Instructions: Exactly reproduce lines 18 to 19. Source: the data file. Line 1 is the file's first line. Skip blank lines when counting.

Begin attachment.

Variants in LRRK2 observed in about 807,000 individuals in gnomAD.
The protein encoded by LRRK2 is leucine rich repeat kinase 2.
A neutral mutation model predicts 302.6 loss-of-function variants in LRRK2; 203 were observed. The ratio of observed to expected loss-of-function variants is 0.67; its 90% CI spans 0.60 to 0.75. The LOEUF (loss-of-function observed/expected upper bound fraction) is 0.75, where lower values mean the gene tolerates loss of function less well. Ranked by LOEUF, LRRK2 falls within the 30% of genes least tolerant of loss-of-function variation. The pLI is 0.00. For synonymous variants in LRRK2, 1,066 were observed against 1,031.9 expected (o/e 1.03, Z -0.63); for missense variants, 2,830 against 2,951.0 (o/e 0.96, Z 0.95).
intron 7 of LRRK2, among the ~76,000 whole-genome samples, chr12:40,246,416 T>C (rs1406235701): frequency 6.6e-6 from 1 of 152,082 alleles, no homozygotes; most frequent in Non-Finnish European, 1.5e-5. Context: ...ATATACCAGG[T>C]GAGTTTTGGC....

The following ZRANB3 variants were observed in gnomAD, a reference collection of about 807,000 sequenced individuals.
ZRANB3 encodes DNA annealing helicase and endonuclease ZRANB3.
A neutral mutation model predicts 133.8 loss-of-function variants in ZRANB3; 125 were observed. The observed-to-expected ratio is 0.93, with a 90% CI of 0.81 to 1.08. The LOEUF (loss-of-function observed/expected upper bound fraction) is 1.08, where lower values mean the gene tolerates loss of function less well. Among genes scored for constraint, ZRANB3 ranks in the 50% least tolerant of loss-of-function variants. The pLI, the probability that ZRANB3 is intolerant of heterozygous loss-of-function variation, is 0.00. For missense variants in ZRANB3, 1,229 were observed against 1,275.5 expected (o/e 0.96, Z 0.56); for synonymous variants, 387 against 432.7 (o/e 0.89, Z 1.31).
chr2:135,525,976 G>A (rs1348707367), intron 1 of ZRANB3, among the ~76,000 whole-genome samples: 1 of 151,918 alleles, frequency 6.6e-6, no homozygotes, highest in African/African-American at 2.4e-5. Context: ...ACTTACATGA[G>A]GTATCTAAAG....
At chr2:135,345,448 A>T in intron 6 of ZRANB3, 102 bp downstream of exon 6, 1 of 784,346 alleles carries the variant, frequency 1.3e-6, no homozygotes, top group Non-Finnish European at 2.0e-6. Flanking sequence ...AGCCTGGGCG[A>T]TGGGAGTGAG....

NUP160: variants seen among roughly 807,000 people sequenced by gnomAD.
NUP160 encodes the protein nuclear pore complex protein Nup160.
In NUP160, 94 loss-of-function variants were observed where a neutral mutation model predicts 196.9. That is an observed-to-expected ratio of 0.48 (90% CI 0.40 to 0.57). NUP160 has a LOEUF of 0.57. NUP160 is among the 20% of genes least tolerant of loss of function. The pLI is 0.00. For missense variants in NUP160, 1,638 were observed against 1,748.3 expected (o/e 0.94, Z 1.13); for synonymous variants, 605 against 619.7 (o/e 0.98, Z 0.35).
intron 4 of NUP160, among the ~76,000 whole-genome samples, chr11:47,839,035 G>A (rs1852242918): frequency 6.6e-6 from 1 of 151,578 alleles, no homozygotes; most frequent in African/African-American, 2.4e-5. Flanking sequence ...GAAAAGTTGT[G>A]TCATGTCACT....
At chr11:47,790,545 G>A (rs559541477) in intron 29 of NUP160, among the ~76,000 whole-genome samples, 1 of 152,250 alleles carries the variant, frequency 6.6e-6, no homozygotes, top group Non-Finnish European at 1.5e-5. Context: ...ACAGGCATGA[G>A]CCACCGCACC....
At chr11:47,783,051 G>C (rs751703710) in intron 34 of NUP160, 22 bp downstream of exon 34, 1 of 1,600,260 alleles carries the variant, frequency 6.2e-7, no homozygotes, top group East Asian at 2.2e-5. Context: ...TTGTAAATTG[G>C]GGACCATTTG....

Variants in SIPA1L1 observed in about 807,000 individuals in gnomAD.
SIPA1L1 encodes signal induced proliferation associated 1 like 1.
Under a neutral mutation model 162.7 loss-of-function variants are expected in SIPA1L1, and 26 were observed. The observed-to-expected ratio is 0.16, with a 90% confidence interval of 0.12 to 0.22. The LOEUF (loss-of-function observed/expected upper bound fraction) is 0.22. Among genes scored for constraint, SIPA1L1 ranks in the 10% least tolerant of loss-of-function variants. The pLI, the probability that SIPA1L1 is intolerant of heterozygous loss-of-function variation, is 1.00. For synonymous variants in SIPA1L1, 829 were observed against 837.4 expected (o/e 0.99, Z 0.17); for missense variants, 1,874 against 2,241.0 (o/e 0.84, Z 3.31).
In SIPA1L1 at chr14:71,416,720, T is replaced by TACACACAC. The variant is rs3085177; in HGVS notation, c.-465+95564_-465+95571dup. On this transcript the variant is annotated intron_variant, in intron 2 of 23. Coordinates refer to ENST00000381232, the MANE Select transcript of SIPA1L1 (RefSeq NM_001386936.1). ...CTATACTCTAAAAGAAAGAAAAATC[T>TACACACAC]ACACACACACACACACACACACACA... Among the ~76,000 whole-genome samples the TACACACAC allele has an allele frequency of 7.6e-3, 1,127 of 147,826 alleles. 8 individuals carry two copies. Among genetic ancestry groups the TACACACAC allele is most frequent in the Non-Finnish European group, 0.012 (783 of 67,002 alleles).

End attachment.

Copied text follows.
Under a neutral mutation model 162.7 loss-of-function variants are expected in SIPA1L1, and 26 were observed. The observed-to-expected ratio is 0.16, with a 90% confidence interval of 0.12 to 0.22. The LOEUF (loss-of-function observed/expected upper bound fraction) is 0.22. Among genes scored for constraint, SIPA1L1 ranks in the 10% least tolerant of loss-of-function variants. The pLI, the probability that SIPA1L1 is intolerant of heterozygous loss-of-function variation, is 1.00. For synonymous variants in SIPA1L1, 829 were observed against 837.4 expected (o/e 0.99, Z 0.17); for missense variants, 1,874 against 2,241.0 (o/e 0.84, Z 3.31).
In SIPA1L1 at chr14:71,416,720, T is replaced by TACACACAC. The variant is rs3085177; in HGVS notation, c.-465+95564_-465+95571dup. On this transcript the variant is annotated intron_variant, in intron 2 of 23. Coordinates refer to ENST00000381232, the MANE Select transcript of SIPA1L1 (RefSeq NM_001386936.1). ...CTATACTCTAAAAGAAAGAAAAATC[T>TACACACAC]ACACACACACACACACACACACACA... Among the ~76,000 whole-genome samples the TACACACAC allele has an allele frequency of 7.6e-3, 1,127 of 147,826 alleles. 8 individuals carry two copies. Among genetic ancestry groups the TACACACAC allele is most frequent in the Non-Finnish European group, 0.012 (783 of 67,002 alleles).